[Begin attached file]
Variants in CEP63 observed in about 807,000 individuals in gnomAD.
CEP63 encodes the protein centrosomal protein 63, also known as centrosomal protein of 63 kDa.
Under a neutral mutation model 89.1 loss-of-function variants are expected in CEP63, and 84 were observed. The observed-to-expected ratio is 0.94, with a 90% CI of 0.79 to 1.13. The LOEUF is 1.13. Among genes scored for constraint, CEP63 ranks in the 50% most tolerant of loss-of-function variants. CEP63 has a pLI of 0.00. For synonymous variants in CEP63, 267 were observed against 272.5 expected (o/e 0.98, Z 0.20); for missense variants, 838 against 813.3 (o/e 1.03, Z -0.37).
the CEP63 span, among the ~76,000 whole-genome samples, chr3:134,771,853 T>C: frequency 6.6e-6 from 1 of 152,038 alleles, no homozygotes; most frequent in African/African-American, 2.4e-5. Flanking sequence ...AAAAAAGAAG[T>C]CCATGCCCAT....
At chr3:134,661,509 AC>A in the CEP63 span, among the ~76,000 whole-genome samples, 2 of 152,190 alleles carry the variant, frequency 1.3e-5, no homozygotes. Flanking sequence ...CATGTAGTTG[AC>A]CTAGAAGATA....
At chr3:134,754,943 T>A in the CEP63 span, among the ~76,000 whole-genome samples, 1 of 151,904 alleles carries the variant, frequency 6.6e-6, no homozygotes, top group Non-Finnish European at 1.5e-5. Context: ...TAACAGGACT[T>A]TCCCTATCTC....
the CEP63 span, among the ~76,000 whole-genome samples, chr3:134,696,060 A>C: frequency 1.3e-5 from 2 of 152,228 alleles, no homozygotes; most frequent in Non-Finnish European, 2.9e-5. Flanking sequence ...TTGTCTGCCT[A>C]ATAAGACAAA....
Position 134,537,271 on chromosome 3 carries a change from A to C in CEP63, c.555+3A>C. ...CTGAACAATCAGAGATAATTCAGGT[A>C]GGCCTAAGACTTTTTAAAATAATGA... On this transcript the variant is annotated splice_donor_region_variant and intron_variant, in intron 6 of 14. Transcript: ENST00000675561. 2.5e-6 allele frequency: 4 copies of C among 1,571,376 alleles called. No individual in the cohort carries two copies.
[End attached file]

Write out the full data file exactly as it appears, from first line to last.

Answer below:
Variants in CEP63 observed in about 807,000 individuals in gnomAD.
CEP63 encodes the protein centrosomal protein 63, also known as centrosomal protein of 63 kDa.
Under a neutral mutation model 89.1 loss-of-function variants are expected in CEP63, and 84 were observed. The observed-to-expected ratio is 0.94, with a 90% CI of 0.79 to 1.13. The LOEUF is 1.13. Among genes scored for constraint, CEP63 ranks in the 50% most tolerant of loss-of-function variants. CEP63 has a pLI of 0.00. For synonymous variants in CEP63, 267 were observed against 272.5 expected (o/e 0.98, Z 0.20); for missense variants, 838 against 813.3 (o/e 1.03, Z -0.37).
the CEP63 span, among the ~76,000 whole-genome samples, chr3:134,771,853 T>C: frequency 6.6e-6 from 1 of 152,038 alleles, no homozygotes; most frequent in African/African-American, 2.4e-5. Flanking sequence ...AAAAAAGAAG[T>C]CCATGCCCAT....
At chr3:134,661,509 AC>A in the CEP63 span, among the ~76,000 whole-genome samples, 2 of 152,190 alleles carry the variant, frequency 1.3e-5, no homozygotes. Flanking sequence ...CATGTAGTTG[AC>A]CTAGAAGATA....
At chr3:134,754,943 T>A in the CEP63 span, among the ~76,000 whole-genome samples, 1 of 151,904 alleles carries the variant, frequency 6.6e-6, no homozygotes, top group Non-Finnish European at 1.5e-5. Context: ...TAACAGGACT[T>A]TCCCTATCTC....
the CEP63 span, among the ~76,000 whole-genome samples, chr3:134,696,060 A>C: frequency 1.3e-5 from 2 of 152,228 alleles, no homozygotes; most frequent in Non-Finnish European, 2.9e-5. Flanking sequence ...TTGTCTGCCT[A>C]ATAAGACAAA....
Position 134,537,271 on chromosome 3 carries a change from A to C in CEP63, c.555+3A>C. ...CTGAACAATCAGAGATAATTCAGGT[A>C]GGCCTAAGACTTTTTAAAATAATGA... On this transcript the variant is annotated splice_donor_region_variant and intron_variant, in intron 6 of 14. Transcript: ENST00000675561. 2.5e-6 allele frequency: 4 copies of C among 1,571,376 alleles called. No individual in the cohort carries two copies.